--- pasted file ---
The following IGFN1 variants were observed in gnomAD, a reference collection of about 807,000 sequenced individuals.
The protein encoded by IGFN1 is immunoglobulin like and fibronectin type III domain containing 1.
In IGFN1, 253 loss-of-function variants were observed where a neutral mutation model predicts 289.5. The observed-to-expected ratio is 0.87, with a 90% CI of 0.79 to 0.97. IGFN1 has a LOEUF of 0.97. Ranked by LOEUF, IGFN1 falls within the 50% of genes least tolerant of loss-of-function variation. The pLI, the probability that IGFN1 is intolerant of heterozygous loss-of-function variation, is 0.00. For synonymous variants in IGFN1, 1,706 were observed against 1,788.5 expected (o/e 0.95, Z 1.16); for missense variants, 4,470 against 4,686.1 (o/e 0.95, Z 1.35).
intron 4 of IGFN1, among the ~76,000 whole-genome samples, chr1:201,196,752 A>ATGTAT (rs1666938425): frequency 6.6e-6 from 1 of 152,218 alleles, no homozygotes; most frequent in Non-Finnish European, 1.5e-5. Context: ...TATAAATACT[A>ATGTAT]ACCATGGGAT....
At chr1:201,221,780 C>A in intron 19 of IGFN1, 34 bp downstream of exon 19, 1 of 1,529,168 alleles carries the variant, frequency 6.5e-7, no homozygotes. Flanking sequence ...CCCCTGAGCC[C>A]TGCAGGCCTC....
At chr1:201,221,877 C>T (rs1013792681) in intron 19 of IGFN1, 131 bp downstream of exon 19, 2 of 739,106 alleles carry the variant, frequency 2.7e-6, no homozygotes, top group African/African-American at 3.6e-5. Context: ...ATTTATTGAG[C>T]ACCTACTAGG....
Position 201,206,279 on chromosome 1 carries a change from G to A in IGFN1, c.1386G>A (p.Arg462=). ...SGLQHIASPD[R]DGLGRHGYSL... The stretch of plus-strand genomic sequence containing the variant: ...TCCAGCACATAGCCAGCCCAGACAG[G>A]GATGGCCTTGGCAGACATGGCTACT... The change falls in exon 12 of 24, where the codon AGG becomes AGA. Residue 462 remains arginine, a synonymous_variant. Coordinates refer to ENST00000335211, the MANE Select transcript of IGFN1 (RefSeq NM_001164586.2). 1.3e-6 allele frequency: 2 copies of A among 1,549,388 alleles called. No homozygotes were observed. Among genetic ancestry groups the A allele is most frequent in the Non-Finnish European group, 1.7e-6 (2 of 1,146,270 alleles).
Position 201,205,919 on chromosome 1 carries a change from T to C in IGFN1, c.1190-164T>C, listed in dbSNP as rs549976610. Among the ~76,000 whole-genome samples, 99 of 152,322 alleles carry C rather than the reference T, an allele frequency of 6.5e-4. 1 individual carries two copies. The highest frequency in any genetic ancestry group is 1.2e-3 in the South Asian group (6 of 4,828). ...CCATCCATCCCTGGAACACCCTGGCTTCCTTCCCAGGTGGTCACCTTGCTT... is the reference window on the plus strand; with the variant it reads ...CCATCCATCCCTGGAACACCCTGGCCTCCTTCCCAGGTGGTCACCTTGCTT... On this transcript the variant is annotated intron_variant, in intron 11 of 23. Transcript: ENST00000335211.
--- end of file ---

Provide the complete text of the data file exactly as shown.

The following IGFN1 variants were observed in gnomAD, a reference collection of about 807,000 sequenced individuals.
The protein encoded by IGFN1 is immunoglobulin like and fibronectin type III domain containing 1.
In IGFN1, 253 loss-of-function variants were observed where a neutral mutation model predicts 289.5. The observed-to-expected ratio is 0.87, with a 90% CI of 0.79 to 0.97. IGFN1 has a LOEUF of 0.97. Ranked by LOEUF, IGFN1 falls within the 50% of genes least tolerant of loss-of-function variation. The pLI, the probability that IGFN1 is intolerant of heterozygous loss-of-function variation, is 0.00. For synonymous variants in IGFN1, 1,706 were observed against 1,788.5 expected (o/e 0.95, Z 1.16); for missense variants, 4,470 against 4,686.1 (o/e 0.95, Z 1.35).
intron 4 of IGFN1, among the ~76,000 whole-genome samples, chr1:201,196,752 A>ATGTAT (rs1666938425): frequency 6.6e-6 from 1 of 152,218 alleles, no homozygotes; most frequent in Non-Finnish European, 1.5e-5. Context: ...TATAAATACT[A>ATGTAT]ACCATGGGAT....
At chr1:201,221,780 C>A in intron 19 of IGFN1, 34 bp downstream of exon 19, 1 of 1,529,168 alleles carries the variant, frequency 6.5e-7, no homozygotes. Flanking sequence ...CCCCTGAGCC[C>A]TGCAGGCCTC....
At chr1:201,221,877 C>T (rs1013792681) in intron 19 of IGFN1, 131 bp downstream of exon 19, 2 of 739,106 alleles carry the variant, frequency 2.7e-6, no homozygotes, top group African/African-American at 3.6e-5. Context: ...ATTTATTGAG[C>T]ACCTACTAGG....
Position 201,206,279 on chromosome 1 carries a change from G to A in IGFN1, c.1386G>A (p.Arg462=). ...SGLQHIASPD[R]DGLGRHGYSL... The stretch of plus-strand genomic sequence containing the variant: ...TCCAGCACATAGCCAGCCCAGACAG[G>A]GATGGCCTTGGCAGACATGGCTACT... The change falls in exon 12 of 24, where the codon AGG becomes AGA. Residue 462 remains arginine, a synonymous_variant. Coordinates refer to ENST00000335211, the MANE Select transcript of IGFN1 (RefSeq NM_001164586.2). 1.3e-6 allele frequency: 2 copies of A among 1,549,388 alleles called. No homozygotes were observed. Among genetic ancestry groups the A allele is most frequent in the Non-Finnish European group, 1.7e-6 (2 of 1,146,270 alleles).
Position 201,205,919 on chromosome 1 carries a change from T to C in IGFN1, c.1190-164T>C, listed in dbSNP as rs549976610. Among the ~76,000 whole-genome samples, 99 of 152,322 alleles carry C rather than the reference T, an allele frequency of 6.5e-4. 1 individual carries two copies. The highest frequency in any genetic ancestry group is 1.2e-3 in the South Asian group (6 of 4,828). ...CCATCCATCCCTGGAACACCCTGGCTTCCTTCCCAGGTGGTCACCTTGCTT... is the reference window on the plus strand; with the variant it reads ...CCATCCATCCCTGGAACACCCTGGCCTCCTTCCCAGGTGGTCACCTTGCTT... On this transcript the variant is annotated intron_variant, in intron 11 of 23. Transcript: ENST00000335211.